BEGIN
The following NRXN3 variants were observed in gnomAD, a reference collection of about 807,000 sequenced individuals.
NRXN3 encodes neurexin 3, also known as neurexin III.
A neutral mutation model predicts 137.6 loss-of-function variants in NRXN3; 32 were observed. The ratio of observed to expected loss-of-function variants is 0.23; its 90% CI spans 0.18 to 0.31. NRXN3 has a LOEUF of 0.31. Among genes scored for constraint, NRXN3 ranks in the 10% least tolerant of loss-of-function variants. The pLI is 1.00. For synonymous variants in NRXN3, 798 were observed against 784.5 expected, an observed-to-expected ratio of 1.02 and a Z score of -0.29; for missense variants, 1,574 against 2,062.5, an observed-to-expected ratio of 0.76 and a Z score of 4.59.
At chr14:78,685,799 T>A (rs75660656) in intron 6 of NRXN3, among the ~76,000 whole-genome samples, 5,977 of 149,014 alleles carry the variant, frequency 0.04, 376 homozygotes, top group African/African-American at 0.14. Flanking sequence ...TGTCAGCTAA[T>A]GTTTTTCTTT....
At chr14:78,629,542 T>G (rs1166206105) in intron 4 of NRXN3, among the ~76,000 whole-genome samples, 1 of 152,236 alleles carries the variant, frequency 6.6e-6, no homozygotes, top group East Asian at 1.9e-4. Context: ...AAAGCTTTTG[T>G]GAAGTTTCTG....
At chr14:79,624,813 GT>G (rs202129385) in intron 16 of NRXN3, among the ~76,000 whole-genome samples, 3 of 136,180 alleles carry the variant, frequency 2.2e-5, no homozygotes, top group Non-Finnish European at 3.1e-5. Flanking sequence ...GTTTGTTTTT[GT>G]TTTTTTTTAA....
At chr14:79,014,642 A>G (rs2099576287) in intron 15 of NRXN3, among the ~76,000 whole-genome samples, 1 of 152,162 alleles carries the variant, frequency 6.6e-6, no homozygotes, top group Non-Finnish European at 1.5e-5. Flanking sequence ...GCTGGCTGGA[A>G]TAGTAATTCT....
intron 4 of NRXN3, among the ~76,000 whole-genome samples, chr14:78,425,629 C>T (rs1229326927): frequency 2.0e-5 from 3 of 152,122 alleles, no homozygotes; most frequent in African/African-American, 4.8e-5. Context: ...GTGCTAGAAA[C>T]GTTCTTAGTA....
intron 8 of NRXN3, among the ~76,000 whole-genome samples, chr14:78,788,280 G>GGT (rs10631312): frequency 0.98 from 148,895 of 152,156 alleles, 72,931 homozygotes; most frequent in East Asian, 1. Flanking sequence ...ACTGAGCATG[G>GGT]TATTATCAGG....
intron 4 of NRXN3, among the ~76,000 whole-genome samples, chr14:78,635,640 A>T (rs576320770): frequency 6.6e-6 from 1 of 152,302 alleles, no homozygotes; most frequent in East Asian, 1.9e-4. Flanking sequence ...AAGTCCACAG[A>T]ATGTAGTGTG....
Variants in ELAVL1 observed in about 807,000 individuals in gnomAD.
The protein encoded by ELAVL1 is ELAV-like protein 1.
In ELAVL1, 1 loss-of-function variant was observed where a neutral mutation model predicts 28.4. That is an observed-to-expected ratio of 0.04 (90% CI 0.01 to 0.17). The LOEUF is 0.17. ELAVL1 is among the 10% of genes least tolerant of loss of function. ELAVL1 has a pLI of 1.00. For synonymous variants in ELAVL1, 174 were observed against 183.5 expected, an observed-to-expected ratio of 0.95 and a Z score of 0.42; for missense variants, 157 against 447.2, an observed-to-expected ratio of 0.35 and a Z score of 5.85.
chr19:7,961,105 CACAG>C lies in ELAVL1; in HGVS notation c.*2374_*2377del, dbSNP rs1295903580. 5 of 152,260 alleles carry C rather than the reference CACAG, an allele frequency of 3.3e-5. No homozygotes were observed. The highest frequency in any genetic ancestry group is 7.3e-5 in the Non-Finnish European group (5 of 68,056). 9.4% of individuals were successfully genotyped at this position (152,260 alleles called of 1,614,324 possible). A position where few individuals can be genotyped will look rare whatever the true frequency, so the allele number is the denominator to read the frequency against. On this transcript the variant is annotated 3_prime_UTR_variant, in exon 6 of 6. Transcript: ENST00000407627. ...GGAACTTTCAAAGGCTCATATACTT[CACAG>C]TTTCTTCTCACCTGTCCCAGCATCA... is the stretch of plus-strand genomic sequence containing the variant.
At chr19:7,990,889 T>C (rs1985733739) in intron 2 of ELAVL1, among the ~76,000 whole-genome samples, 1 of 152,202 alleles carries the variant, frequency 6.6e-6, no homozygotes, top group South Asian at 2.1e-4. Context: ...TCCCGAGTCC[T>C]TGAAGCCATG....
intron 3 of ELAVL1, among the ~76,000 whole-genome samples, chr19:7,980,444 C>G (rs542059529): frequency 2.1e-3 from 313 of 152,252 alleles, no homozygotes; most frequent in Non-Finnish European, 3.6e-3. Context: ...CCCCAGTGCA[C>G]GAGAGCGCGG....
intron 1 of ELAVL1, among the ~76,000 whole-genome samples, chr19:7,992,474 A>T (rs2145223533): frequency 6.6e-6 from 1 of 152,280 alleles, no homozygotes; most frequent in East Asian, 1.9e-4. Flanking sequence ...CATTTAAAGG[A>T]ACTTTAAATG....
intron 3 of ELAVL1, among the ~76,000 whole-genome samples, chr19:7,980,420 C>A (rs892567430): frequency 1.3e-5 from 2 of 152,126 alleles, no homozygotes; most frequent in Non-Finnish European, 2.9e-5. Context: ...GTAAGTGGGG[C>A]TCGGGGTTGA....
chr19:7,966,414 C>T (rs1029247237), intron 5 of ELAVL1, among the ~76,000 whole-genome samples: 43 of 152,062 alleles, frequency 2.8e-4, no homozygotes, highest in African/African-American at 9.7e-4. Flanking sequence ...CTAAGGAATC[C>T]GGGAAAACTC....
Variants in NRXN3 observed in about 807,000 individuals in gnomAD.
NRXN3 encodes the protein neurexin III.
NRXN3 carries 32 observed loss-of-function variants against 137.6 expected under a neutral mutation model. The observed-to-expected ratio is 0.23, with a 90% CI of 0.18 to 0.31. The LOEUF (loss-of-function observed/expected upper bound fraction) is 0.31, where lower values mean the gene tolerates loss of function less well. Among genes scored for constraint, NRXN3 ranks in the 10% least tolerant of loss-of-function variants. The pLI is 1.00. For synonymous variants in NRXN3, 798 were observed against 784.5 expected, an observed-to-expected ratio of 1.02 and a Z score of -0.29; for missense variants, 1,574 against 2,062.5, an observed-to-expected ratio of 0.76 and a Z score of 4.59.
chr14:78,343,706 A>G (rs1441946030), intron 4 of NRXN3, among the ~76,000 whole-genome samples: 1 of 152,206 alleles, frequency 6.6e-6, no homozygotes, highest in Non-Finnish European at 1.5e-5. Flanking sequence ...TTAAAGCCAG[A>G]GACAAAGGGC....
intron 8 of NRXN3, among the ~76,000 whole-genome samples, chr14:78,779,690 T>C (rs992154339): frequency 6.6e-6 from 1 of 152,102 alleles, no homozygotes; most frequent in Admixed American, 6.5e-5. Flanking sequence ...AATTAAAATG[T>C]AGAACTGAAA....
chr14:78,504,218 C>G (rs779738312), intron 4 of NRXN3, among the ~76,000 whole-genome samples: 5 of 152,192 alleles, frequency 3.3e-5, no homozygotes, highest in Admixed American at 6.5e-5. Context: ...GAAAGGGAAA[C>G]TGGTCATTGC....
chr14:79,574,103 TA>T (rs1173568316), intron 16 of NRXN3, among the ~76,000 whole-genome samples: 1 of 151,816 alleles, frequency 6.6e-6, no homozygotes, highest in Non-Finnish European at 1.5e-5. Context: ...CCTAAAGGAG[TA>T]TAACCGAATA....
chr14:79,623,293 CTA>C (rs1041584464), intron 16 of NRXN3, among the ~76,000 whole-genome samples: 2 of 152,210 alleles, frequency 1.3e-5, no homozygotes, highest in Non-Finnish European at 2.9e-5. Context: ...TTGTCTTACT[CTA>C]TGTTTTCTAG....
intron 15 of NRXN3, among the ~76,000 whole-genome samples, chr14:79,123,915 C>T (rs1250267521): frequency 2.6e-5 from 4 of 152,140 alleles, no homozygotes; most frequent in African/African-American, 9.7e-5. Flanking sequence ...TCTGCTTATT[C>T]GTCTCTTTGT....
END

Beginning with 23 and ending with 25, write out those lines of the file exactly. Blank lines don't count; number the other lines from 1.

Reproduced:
chr14:78,343,706 A>G (rs1441946030), intron 4 of NRXN3, among the ~76,000 whole-genome samples: 1 of 152,206 alleles, frequency 6.6e-6, no homozygotes, highest in Non-Finnish European at 1.5e-5. Flanking sequence ...TTAAAGCCAG[A>G]GACAAAGGGC....
intron 8 of NRXN3, among the ~76,000 whole-genome samples, chr14:78,779,690 T>C (rs992154339): frequency 6.6e-6 from 1 of 152,102 alleles, no homozygotes; most frequent in Admixed American, 6.5e-5. Flanking sequence ...AATTAAAATG[T>C]AGAACTGAAA....
chr14:78,504,218 C>G (rs779738312), intron 4 of NRXN3, among the ~76,000 whole-genome samples: 5 of 152,192 alleles, frequency 3.3e-5, no homozygotes, highest in Admixed American at 6.5e-5. Context: ...GAAAGGGAAA[C>G]TGGTCATTGC....